I can't say I entirely disagree with him. I've never been a horror fan. I don't really understand why people enjoy being scared by, or, worse, desensitized to, images of brutality and death. On the other hand as a film fan I cannot ignore the horror genre. It was home to some of the great masterpieces of early film making, such as Nosferatu and The Cabinet of Dr. Caligari , and it was a large part of the cinematic renaissance of the 1970's. Since then horror has slipped somewhat into an abyss of commercialism and "teen scare" movies, but it remains one of the most cinematic genres. A Victorian novel of manners may be able to express the attitudes of that age better than any film, but it's hard for a book to match the raw visceral thrills and chills of what can be achieved on screen.
That being said it's important to differentiate between horror as art and horror as entertainment. As an art form horror can illuminate parts of the human experience that no other genre can touch on as effectively. For example in George Romero's famous "Of the Dead" series, human relationships and humanity itself are thrown into power relief by the inhumanity of the zombies. Romero makes a strong statement that humans are not defined by their physical makeup, but likewise they are not free of it. Again and again in the series we see good characters bitten, infected, and turned into murderous beasts with no hope of reprieve. Death is a brutal unavoidable force constantly smashing at the doors and windows of our lives, trying to get in, and eventually, it will. There is also great social satire in these pieces, but the commentary on human nature is what strikes me most.
The "Alien" movies use a different paradigm to comment on humanity. They are closely tied to tales of Pandora's Box, stating that in the unknown of space human curiosity and greed could have devastating consequences, even as they do here on earth. They also routinely pit faceless corporations bent on profit against actual people bent on survival and make a strong statement about how far the two groups' goals diverge from one another.
Good horror does that. It uses fear and horrific images to force one to confront the world around us and the dark aspects of humanity. Bad horror doesn't even try.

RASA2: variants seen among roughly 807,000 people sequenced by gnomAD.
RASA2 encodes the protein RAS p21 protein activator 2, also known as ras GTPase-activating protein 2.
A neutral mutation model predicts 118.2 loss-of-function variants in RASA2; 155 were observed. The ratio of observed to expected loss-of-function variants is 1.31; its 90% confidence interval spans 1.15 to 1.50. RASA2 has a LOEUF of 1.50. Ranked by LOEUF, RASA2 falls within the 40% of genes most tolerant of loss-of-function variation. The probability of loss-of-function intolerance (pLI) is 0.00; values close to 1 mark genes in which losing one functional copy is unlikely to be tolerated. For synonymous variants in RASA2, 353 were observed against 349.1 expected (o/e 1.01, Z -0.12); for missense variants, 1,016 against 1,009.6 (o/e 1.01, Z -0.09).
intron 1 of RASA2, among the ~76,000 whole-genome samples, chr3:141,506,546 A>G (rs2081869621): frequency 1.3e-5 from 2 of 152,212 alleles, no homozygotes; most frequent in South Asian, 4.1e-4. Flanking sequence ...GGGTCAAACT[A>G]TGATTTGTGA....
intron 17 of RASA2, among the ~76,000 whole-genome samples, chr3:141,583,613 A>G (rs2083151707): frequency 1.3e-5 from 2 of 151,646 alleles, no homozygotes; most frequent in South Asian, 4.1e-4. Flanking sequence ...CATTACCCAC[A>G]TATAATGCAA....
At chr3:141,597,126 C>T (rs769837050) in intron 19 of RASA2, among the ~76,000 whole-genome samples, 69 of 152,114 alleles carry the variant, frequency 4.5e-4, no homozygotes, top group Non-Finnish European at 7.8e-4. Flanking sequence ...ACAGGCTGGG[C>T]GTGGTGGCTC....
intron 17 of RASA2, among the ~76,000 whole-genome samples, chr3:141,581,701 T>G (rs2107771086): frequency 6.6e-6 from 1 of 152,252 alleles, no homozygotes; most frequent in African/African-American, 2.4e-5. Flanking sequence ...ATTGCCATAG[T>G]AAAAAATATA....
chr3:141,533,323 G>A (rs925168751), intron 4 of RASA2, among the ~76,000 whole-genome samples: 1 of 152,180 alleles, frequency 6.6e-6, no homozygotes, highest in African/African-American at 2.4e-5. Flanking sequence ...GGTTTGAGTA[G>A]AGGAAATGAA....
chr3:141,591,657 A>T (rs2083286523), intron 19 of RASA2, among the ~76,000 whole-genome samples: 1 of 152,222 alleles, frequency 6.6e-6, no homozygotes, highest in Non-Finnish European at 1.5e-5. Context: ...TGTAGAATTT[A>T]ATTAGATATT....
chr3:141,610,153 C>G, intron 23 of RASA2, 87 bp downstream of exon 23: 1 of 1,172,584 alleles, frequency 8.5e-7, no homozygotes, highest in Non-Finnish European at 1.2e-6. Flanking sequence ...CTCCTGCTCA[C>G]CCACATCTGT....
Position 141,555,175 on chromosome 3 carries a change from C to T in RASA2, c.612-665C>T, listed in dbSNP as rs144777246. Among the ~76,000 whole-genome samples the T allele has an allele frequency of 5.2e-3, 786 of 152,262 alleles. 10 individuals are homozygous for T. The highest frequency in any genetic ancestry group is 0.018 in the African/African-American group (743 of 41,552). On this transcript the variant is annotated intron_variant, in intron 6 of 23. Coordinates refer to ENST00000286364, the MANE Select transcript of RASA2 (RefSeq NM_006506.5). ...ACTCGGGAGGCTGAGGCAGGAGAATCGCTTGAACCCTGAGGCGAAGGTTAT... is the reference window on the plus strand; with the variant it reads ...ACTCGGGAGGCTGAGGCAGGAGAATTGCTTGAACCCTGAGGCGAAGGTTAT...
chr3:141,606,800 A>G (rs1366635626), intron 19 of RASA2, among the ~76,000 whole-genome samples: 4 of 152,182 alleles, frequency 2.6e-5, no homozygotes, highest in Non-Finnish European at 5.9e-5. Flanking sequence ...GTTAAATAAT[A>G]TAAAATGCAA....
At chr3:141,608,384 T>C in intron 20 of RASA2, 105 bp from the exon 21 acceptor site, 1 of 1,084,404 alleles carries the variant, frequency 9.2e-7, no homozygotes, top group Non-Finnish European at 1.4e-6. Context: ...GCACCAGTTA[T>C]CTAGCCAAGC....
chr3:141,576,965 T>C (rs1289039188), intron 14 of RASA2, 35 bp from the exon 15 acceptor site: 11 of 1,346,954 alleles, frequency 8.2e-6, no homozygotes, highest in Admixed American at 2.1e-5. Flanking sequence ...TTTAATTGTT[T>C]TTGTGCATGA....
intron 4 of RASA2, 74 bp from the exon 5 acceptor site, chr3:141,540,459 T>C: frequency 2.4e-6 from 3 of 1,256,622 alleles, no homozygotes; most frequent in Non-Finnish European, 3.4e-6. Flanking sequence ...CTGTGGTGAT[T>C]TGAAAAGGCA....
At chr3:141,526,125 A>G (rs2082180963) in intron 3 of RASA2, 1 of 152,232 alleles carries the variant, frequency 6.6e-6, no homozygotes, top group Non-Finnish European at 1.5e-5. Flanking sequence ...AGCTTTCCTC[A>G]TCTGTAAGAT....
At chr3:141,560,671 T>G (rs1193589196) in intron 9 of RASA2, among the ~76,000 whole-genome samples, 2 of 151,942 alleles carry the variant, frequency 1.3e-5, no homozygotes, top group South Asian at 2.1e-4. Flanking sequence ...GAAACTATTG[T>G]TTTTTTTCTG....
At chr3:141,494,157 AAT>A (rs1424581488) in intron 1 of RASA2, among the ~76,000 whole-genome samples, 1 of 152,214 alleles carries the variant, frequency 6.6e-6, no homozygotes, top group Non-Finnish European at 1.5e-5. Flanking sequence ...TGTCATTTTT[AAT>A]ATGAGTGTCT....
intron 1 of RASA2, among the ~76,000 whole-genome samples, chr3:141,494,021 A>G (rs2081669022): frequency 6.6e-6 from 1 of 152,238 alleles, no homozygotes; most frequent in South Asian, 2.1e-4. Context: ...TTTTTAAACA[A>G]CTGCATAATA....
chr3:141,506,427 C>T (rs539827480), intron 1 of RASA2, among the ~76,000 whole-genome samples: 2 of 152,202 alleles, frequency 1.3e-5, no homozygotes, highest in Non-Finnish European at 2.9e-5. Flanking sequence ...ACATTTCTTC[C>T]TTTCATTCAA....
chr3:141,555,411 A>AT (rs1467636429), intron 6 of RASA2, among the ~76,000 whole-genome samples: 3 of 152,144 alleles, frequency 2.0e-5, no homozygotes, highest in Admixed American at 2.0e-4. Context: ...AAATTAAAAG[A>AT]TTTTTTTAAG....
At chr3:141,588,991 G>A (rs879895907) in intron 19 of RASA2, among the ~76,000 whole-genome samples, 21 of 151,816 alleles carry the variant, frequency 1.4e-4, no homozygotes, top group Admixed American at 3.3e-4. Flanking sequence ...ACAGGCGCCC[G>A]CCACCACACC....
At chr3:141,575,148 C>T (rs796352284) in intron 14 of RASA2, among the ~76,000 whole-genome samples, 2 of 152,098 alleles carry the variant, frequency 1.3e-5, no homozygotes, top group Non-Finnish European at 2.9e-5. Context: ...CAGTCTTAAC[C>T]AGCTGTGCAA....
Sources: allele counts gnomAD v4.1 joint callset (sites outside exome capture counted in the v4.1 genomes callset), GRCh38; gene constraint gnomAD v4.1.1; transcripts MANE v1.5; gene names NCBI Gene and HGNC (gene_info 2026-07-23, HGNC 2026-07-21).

This is the distinction that my friend doesn't make. He sees all horror films as gore and scarefests aimed mostly at punishing audiences. Bad horror does just that. What's entertaining about a camera zoomed in tight on some poor dope's face as he wanders around towards his death? It doesn't take cinematic skill or talent to have things leap out loudly from the shadows and attack people. It's like an extended middle school prank. I've heard the argument that horror films allow us to experience our worst fears and leave them behind in the theater. To exorcise demons. I don't really believe that to be true. The monsters that plague us these days are often cinematic, and Freddie Kreuger has given people bad nights of sleep far away from the confines of Elm Street.
Ultimately the genre of horror is no different than any other. It can be exploitative or it can be art. One of the sad things about modern Hollywood is its abandonment of artistic horror for things like House of Wax . Those movies aren't much better than death porn, gruesome equivalents of the Roman coliseum. Somewhere out there, however, there are great horror films waiting to be made about things like detainment, unchecked power, and the depraved things humans are capable of when morality loses its grip. I just hope they'll be able to find the right audience when they come, one who sees on-screen bloodletting not as entertainment but as social statement, and horrific monsters not as mere fantastic beasts of amusement, but as symbols of what some people would look like if we could only see inside.